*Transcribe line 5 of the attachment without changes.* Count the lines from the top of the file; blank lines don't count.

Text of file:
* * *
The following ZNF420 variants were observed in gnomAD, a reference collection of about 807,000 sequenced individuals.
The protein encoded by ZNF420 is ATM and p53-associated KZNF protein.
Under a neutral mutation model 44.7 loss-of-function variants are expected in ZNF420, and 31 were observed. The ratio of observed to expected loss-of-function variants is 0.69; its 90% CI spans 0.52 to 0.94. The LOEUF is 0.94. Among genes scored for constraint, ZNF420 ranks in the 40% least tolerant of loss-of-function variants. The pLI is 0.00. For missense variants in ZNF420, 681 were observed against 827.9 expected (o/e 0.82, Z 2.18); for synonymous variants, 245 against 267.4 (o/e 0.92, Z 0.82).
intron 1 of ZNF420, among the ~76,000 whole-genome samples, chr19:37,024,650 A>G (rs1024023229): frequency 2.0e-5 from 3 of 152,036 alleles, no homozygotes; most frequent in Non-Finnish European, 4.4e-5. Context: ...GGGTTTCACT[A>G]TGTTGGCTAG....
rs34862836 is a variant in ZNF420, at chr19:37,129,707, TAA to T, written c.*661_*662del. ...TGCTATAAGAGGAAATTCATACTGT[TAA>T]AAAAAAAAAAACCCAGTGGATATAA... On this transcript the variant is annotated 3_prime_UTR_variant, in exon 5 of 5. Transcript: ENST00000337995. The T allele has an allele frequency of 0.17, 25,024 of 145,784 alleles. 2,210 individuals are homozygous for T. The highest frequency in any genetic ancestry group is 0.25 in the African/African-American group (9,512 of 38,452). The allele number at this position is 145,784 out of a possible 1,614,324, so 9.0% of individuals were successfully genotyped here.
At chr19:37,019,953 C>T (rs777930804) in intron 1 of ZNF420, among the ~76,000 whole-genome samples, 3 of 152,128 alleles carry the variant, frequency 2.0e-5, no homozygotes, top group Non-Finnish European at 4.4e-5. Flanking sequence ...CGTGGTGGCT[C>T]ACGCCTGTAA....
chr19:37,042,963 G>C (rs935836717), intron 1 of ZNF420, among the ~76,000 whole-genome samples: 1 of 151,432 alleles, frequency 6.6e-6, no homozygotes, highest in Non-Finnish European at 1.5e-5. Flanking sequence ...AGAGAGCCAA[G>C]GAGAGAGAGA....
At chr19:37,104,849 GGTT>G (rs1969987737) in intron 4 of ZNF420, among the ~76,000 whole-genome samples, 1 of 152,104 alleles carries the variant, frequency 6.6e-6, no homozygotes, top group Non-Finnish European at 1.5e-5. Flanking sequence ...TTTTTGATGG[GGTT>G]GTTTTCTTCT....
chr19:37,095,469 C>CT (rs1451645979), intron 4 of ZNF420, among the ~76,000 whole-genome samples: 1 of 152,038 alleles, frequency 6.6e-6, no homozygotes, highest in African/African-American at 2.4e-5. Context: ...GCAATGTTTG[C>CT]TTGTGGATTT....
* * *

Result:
rs34862836 is a variant in ZNF420, at chr19:37,129,707, TAA to T, written c.*661_*662del. ...TGCTATAAGAGGAAATTCATACTGT[TAA>T]AAAAAAAAAAACCCAGTGGATATAA... On this transcript the variant is annotated 3_prime_UTR_variant, in exon 5 of 5. Transcript: ENST00000337995. The T allele has an allele frequency of 0.17, 25,024 of 145,784 alleles. 2,210 individuals are homozygous for T. The highest frequency in any genetic ancestry group is 0.25 in the African/African-American group (9,512 of 38,452). The allele number at this position is 145,784 out of a possible 1,614,324, so 9.0% of individuals were successfully genotyped here.